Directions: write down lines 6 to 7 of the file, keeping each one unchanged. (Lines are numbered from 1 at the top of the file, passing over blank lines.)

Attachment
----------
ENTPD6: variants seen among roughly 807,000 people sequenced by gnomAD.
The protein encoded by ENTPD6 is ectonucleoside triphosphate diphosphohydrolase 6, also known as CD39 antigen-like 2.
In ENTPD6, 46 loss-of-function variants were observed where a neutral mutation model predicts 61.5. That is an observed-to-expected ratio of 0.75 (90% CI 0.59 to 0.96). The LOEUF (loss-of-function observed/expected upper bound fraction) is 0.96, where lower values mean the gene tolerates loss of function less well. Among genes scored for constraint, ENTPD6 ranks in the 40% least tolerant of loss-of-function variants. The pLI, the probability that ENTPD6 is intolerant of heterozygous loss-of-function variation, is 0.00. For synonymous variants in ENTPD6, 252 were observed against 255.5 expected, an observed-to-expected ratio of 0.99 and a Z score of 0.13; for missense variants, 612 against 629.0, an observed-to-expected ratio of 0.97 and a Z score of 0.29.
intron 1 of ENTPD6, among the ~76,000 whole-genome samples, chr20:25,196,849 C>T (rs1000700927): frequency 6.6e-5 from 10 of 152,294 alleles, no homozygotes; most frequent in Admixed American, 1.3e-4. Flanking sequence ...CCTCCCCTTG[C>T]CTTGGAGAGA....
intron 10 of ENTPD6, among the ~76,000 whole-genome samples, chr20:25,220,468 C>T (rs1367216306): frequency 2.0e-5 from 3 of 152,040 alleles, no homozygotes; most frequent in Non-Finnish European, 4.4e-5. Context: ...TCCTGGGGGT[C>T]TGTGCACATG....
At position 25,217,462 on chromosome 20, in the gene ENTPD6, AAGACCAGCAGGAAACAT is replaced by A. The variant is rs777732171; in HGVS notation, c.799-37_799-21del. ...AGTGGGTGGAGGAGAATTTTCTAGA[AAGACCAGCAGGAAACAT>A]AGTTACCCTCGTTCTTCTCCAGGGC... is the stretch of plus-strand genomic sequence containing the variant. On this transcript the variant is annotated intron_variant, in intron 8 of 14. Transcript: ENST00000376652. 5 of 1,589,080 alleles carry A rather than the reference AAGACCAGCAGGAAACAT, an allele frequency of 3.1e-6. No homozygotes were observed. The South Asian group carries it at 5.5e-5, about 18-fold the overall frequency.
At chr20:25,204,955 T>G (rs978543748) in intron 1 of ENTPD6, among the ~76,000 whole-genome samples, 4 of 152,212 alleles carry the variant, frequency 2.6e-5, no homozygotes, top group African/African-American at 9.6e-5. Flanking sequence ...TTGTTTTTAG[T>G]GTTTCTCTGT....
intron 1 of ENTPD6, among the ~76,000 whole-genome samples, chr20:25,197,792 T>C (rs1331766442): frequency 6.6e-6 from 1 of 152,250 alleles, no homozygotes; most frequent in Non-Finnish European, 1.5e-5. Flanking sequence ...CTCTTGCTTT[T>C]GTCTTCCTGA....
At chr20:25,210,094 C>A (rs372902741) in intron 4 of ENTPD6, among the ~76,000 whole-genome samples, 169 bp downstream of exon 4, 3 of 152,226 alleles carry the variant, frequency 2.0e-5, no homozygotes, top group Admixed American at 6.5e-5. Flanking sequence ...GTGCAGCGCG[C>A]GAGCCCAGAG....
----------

At position 25,217,462 on chromosome 20, in the gene ENTPD6, AAGACCAGCAGGAAACAT is replaced by A. The variant is rs777732171; in HGVS notation, c.799-37_799-21del. ...AGTGGGTGGAGGAGAATTTTCTAGA[AAGACCAGCAGGAAACAT>A]AGTTACCCTCGTTCTTCTCCAGGGC... is the stretch of plus-strand genomic sequence containing the variant. On this transcript the variant is annotated intron_variant, in intron 8 of 14. Transcript: ENST00000376652. 5 of 1,589,080 alleles carry A rather than the reference AAGACCAGCAGGAAACAT, an allele frequency of 3.1e-6. No homozygotes were observed. The South Asian group carries it at 5.5e-5, about 18-fold the overall frequency.
At chr20:25,204,955 T>G (rs978543748) in intron 1 of ENTPD6, among the ~76,000 whole-genome samples, 4 of 152,212 alleles carry the variant, frequency 2.6e-5, no homozygotes, top group African/African-American at 9.6e-5. Flanking sequence ...TTGTTTTTAG[T>G]GTTTCTCTGT....